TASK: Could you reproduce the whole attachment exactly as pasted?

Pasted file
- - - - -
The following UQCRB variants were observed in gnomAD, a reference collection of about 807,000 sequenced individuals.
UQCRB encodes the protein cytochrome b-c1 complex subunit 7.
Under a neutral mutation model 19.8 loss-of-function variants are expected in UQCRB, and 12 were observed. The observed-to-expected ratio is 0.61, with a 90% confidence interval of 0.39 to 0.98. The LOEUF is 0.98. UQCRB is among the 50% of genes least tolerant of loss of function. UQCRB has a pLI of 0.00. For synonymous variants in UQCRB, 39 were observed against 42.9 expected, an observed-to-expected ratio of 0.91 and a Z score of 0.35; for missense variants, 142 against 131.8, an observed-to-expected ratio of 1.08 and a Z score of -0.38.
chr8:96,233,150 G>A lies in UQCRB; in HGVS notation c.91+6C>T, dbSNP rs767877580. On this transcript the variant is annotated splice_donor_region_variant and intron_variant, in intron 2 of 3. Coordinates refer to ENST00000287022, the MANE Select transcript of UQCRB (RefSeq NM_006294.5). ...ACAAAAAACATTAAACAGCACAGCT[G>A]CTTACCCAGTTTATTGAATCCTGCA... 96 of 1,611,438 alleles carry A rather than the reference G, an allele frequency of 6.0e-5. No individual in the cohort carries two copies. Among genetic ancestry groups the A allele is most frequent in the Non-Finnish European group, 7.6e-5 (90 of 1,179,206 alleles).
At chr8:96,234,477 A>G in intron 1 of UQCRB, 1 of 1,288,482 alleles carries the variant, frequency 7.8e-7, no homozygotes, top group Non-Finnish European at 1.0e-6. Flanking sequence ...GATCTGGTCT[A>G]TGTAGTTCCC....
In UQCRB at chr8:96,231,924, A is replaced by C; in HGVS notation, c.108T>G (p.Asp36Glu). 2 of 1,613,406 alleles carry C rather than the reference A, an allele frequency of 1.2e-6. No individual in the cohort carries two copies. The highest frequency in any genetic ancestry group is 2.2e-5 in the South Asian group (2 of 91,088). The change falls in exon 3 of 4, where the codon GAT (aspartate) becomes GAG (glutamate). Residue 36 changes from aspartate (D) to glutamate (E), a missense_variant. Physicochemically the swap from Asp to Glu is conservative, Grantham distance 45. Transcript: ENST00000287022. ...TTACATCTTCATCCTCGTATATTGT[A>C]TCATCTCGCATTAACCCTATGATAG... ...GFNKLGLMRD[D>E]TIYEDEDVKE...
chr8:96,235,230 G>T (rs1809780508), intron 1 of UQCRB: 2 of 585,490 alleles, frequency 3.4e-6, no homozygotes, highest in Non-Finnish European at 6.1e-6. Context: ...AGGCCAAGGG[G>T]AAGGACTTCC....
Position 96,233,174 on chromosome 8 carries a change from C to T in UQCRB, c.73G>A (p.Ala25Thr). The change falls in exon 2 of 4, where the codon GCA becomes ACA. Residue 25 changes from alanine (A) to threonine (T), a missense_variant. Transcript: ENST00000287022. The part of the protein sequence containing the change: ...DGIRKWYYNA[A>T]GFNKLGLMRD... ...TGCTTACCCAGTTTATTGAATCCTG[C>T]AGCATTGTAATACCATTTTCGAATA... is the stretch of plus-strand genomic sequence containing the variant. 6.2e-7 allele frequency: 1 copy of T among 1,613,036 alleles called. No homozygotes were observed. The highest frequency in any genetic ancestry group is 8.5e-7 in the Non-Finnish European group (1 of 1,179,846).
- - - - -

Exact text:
The following UQCRB variants were observed in gnomAD, a reference collection of about 807,000 sequenced individuals.
UQCRB encodes the protein cytochrome b-c1 complex subunit 7.
Under a neutral mutation model 19.8 loss-of-function variants are expected in UQCRB, and 12 were observed. The observed-to-expected ratio is 0.61, with a 90% confidence interval of 0.39 to 0.98. The LOEUF is 0.98. UQCRB is among the 50% of genes least tolerant of loss of function. UQCRB has a pLI of 0.00. For synonymous variants in UQCRB, 39 were observed against 42.9 expected, an observed-to-expected ratio of 0.91 and a Z score of 0.35; for missense variants, 142 against 131.8, an observed-to-expected ratio of 1.08 and a Z score of -0.38.
chr8:96,233,150 G>A lies in UQCRB; in HGVS notation c.91+6C>T, dbSNP rs767877580. On this transcript the variant is annotated splice_donor_region_variant and intron_variant, in intron 2 of 3. Coordinates refer to ENST00000287022, the MANE Select transcript of UQCRB (RefSeq NM_006294.5). ...ACAAAAAACATTAAACAGCACAGCT[G>A]CTTACCCAGTTTATTGAATCCTGCA... 96 of 1,611,438 alleles carry A rather than the reference G, an allele frequency of 6.0e-5. No individual in the cohort carries two copies. Among genetic ancestry groups the A allele is most frequent in the Non-Finnish European group, 7.6e-5 (90 of 1,179,206 alleles).
At chr8:96,234,477 A>G in intron 1 of UQCRB, 1 of 1,288,482 alleles carries the variant, frequency 7.8e-7, no homozygotes, top group Non-Finnish European at 1.0e-6. Flanking sequence ...GATCTGGTCT[A>G]TGTAGTTCCC....
In UQCRB at chr8:96,231,924, A is replaced by C; in HGVS notation, c.108T>G (p.Asp36Glu). 2 of 1,613,406 alleles carry C rather than the reference A, an allele frequency of 1.2e-6. No individual in the cohort carries two copies. The highest frequency in any genetic ancestry group is 2.2e-5 in the South Asian group (2 of 91,088). The change falls in exon 3 of 4, where the codon GAT (aspartate) becomes GAG (glutamate). Residue 36 changes from aspartate (D) to glutamate (E), a missense_variant. Physicochemically the swap from Asp to Glu is conservative, Grantham distance 45. Transcript: ENST00000287022. ...TTACATCTTCATCCTCGTATATTGT[A>C]TCATCTCGCATTAACCCTATGATAG... ...GFNKLGLMRD[D>E]TIYEDEDVKE...
chr8:96,235,230 G>T (rs1809780508), intron 1 of UQCRB: 2 of 585,490 alleles, frequency 3.4e-6, no homozygotes, highest in Non-Finnish European at 6.1e-6. Context: ...AGGCCAAGGG[G>T]AAGGACTTCC....
Position 96,233,174 on chromosome 8 carries a change from C to T in UQCRB, c.73G>A (p.Ala25Thr). The change falls in exon 2 of 4, where the codon GCA becomes ACA. Residue 25 changes from alanine (A) to threonine (T), a missense_variant. Transcript: ENST00000287022. The part of the protein sequence containing the change: ...DGIRKWYYNA[A>T]GFNKLGLMRD... ...TGCTTACCCAGTTTATTGAATCCTG[C>T]AGCATTGTAATACCATTTTCGAATA... is the stretch of plus-strand genomic sequence containing the variant. 6.2e-7 allele frequency: 1 copy of T among 1,613,036 alleles called. No homozygotes were observed. The highest frequency in any genetic ancestry group is 8.5e-7 in the Non-Finnish European group (1 of 1,179,846).